Volume 513, April 2010
|Number of page(s)||8|
|Section||Interstellar and circumstellar matter|
|Published online||30 April 2010|
The density variance – Mach number relation in the Taurus molecular cloud
Astrophysics Group, School of Physics, University of Exeter, Stocker Road, Exeter, EX4
4QL, UK e-mail: email@example.com
Accepted: 2 February 2010
Supersonic turbulence in molecular clouds is a key agent in generating density enhancements that may subsequently go on to form stars. The stronger the turbulence – the higher the Mach number – the more extreme the density fluctuations are expected to be. Numerical models predict an increase in density variance, , with rms Mach number, M of the form: = , where b is a numerically-estimated parameter, and this prediction forms the basis of a large number of analytic models of star formation. We provide an estimate of the parameter b from 13CO J = 1-0 spectral line imaging observations and extinction mapping of the Taurus molecular cloud, using a recently developed technique that needs information contained solely in the projected column density field to calculate . When this is combined with a measurement of the rms Mach number, M, we are able to estimate b. We find , which is consistent with typical numerical estimates, and is characteristic of turbulent driving that includes a mixture of solenoidal and compressive modes. More conservatively, we constrain b to lie in the range 0.3-0.8, depending on the influence of sub-resolution structure and the role of diffuse atomic material in the column density budget (accounting for sub-resolution variance results in higher values of b, while inclusion of more low column density material results in lower values of b; the value b = 0.48 applies to material which is predominantly molecular, with no correction for sub-resolution variance). We also report a break in the Taurus column density power spectrum at a scale of ~1 pc, and find that the break is associated with anisotropy in the power spectrum. The break is observed in both 13CO and dust extinction power spectra, which, remarkably, are effectively identical despite detailed spatial differences between the 13CO and dust extinction maps.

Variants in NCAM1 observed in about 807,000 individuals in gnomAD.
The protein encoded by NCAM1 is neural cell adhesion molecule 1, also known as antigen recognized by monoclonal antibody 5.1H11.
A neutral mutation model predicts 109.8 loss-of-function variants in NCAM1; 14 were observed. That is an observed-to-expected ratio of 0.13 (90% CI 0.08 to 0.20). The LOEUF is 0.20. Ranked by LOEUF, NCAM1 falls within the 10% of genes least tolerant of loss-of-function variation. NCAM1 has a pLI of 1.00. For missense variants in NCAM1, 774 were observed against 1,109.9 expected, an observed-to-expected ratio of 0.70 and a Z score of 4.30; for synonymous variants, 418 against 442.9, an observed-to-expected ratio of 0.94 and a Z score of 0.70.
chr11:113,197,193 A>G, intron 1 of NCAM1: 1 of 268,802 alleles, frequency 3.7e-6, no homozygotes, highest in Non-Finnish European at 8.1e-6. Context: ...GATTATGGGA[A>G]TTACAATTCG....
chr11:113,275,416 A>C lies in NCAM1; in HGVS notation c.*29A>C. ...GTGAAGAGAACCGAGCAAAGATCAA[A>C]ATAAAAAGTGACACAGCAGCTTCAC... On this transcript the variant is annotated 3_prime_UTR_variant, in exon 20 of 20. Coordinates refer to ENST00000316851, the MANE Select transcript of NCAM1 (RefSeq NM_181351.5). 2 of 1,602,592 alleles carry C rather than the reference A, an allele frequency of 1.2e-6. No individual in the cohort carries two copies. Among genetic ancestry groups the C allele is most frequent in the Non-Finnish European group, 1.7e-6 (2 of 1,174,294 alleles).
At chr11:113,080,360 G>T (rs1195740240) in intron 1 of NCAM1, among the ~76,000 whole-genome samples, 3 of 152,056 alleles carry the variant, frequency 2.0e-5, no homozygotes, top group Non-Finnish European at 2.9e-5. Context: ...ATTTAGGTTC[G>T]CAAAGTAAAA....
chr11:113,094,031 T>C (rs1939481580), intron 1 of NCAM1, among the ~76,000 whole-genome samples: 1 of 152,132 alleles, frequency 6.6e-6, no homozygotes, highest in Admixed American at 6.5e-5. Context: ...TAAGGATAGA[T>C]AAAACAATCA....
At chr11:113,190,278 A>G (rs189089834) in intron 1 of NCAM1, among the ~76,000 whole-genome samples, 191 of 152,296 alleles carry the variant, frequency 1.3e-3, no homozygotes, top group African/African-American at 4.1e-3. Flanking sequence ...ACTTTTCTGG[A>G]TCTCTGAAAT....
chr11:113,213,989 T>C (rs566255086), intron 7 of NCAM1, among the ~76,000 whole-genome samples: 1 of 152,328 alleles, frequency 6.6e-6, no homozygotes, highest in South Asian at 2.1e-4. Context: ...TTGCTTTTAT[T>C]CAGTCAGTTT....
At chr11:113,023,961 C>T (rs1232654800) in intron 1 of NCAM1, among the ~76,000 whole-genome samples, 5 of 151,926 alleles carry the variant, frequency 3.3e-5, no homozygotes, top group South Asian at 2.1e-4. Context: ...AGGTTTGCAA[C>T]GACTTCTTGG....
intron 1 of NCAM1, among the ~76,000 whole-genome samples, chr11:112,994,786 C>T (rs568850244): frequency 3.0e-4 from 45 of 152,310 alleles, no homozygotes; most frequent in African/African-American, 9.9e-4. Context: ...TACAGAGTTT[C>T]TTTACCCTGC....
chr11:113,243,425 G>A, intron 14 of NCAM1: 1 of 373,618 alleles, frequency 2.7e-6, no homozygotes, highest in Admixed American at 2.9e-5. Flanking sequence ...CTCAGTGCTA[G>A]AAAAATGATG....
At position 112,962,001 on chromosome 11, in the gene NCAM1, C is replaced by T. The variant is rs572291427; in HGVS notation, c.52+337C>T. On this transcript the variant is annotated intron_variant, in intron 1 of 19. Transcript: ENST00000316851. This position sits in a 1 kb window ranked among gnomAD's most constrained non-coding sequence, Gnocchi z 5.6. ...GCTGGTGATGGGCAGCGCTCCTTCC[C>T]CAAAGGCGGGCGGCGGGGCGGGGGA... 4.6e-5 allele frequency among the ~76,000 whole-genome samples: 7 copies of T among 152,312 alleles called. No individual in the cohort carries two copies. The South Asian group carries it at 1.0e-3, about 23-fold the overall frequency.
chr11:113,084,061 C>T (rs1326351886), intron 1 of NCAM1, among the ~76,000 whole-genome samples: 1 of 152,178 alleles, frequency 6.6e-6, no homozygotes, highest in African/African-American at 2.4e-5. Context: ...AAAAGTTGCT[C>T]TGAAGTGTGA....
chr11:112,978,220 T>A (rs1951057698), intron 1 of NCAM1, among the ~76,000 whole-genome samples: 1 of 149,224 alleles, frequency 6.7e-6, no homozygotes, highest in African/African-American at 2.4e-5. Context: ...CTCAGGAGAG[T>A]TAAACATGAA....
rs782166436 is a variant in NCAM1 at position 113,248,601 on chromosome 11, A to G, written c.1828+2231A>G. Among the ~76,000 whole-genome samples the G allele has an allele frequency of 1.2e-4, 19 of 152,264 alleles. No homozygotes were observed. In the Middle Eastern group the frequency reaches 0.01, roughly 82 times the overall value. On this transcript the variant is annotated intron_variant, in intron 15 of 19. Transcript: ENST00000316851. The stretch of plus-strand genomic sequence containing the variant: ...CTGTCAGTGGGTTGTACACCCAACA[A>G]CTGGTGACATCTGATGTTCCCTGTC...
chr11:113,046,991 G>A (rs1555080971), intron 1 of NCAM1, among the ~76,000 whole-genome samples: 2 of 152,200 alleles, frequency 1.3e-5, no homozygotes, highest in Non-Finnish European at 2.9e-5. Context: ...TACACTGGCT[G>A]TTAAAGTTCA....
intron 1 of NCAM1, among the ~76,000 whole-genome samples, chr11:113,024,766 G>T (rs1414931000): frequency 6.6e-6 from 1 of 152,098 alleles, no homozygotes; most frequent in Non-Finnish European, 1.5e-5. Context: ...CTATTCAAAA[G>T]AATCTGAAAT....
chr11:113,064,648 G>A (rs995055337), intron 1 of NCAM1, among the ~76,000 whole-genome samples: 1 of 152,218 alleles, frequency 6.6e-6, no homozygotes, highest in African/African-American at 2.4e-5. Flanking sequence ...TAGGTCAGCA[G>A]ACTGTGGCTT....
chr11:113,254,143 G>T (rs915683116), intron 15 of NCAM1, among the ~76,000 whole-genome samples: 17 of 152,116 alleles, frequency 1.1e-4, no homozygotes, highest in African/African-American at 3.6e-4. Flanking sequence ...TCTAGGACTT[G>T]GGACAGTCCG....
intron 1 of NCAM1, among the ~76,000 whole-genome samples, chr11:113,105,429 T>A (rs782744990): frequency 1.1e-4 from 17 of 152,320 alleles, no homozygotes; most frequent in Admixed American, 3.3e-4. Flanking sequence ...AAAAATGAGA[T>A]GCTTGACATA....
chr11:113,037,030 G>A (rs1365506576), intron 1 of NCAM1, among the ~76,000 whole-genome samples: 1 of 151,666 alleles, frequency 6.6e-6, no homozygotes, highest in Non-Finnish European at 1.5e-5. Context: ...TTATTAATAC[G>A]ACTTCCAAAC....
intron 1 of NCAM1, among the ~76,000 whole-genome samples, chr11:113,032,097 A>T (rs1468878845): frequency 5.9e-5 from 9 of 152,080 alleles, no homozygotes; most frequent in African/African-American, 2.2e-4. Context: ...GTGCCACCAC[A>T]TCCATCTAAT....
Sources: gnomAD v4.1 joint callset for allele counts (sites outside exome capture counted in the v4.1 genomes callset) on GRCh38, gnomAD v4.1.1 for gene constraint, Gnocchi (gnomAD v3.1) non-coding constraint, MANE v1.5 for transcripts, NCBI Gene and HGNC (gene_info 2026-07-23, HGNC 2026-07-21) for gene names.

Key words: magnetohydrodynamics (MHD) / turbulence / techniques: spectroscopic / ISM: molecules / radio lines: ISM / ISM: kinematics and dynamics
© ESO, 2010
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